Step 6: Stove Black!

Once again, Stove Black comes in to save the day. The metal banding on the corners of the trunk was able to be refurbished. Just dip the the corner of a rag into the stove black and start rubbing! Rub it on with a rag and rub it off with a clean cloth. To get into the small crevices I used the small paint brush and a toothbrush.

Step 7: Staining...

I originally chose a a light Walnut Stain. However upon staring at it for a few days, I convinced myself to do a second coat with a darker hue to it. I mixed a few leftover stains I had and BOOM! I got a great Mahogany/Cedar/Walnut custom combination stain. It was applied with a paint brush and then wiped immediately after with a rag. Two coats of clear satin polyeurathane was then applied. The last thing I added were wheels. This trunk is awfully heavy and after it gets filled with belongings it's only going to be heavier.

Step 8: Interior Design...

The interior had some cool newspaper clipping from WWII along with some cracking and peeling paper lining it. The interior was completely sanded yet again with the DeWalt sander and also by hand with sandpaper. This is when things got fun. My friend offered me some "Regal" green fabric and I began making panels to line the inside. Each panel consists of 1/4" Luan plywood sprayed with fabric adhesive and then I laid a piece of fabric of the luan. The fabric was then smoothed out and folded. The inside of the lid was done in the same fashion but with smaller strips. I decided to get funky and alternate between dark and light colors on the top.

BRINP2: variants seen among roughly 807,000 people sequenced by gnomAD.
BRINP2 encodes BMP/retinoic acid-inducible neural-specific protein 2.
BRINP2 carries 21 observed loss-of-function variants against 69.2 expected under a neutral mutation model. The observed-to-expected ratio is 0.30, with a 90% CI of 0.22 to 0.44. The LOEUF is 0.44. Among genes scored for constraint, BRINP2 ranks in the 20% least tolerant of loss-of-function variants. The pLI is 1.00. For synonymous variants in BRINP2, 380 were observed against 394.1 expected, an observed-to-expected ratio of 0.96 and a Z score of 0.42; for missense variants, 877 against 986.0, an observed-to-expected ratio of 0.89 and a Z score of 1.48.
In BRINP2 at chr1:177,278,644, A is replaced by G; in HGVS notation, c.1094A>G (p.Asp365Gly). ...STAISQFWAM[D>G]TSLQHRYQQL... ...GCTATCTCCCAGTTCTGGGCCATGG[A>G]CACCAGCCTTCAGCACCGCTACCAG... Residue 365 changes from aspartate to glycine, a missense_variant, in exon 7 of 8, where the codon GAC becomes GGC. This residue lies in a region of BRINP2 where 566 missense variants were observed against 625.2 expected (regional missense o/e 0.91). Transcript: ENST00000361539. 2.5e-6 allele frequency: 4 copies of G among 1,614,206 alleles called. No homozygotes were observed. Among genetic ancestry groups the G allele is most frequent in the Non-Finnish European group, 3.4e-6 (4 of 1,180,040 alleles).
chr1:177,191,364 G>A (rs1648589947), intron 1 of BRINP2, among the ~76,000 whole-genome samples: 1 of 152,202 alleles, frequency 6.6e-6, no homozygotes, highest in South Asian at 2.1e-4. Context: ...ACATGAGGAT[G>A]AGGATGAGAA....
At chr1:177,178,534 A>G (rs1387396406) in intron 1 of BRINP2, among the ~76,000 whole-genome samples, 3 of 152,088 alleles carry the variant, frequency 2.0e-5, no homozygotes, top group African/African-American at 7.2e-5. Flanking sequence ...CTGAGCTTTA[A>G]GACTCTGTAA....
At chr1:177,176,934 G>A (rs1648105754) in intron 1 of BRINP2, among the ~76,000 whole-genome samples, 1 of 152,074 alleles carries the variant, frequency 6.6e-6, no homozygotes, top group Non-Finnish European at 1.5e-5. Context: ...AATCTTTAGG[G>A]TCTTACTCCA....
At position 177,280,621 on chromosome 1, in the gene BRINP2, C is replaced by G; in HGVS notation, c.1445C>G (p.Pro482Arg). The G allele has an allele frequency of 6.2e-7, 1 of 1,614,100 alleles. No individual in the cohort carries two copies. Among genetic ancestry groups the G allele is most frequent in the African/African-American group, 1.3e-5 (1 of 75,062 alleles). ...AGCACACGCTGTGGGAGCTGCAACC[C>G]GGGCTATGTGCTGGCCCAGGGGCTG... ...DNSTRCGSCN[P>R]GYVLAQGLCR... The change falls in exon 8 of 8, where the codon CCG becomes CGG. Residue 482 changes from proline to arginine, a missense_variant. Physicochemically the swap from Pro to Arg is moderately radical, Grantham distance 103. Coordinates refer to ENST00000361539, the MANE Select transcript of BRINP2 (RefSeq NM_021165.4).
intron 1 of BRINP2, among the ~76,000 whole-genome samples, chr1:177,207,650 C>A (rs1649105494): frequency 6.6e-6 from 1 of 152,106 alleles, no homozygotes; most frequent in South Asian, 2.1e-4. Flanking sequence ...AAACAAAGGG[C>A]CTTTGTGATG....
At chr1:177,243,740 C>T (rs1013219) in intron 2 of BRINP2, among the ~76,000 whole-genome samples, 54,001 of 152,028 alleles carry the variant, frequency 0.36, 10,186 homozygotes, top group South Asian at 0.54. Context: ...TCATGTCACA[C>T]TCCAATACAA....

Step 9: Revel in Your Success...

After many hours it's finally time to sit back and enjoy the piece of history you have brought life back to. It may not be 100% original, but it is able to be viewed in a different light now perhaps. Instead of rotting and withering away in a dark, wet basement, it is now able to be used practically again for storage. Indeed a lot of storage space as it measures 4' wide by 3' tall by 2' deep. Cheers!

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    I need an Instructable on how to open the locks on these trunks without destroying the lock, when you don't have a key.

    Beautifully done! Good luck in the contest :-)

    Wow, beautiful restoration.

    Did you consider lining the bottom with aromatic cedar all? Certainly would have added that extra special fragrance.

    1 reply

    I will have to consider that for the next trunk I restore, thanks for the suggestion!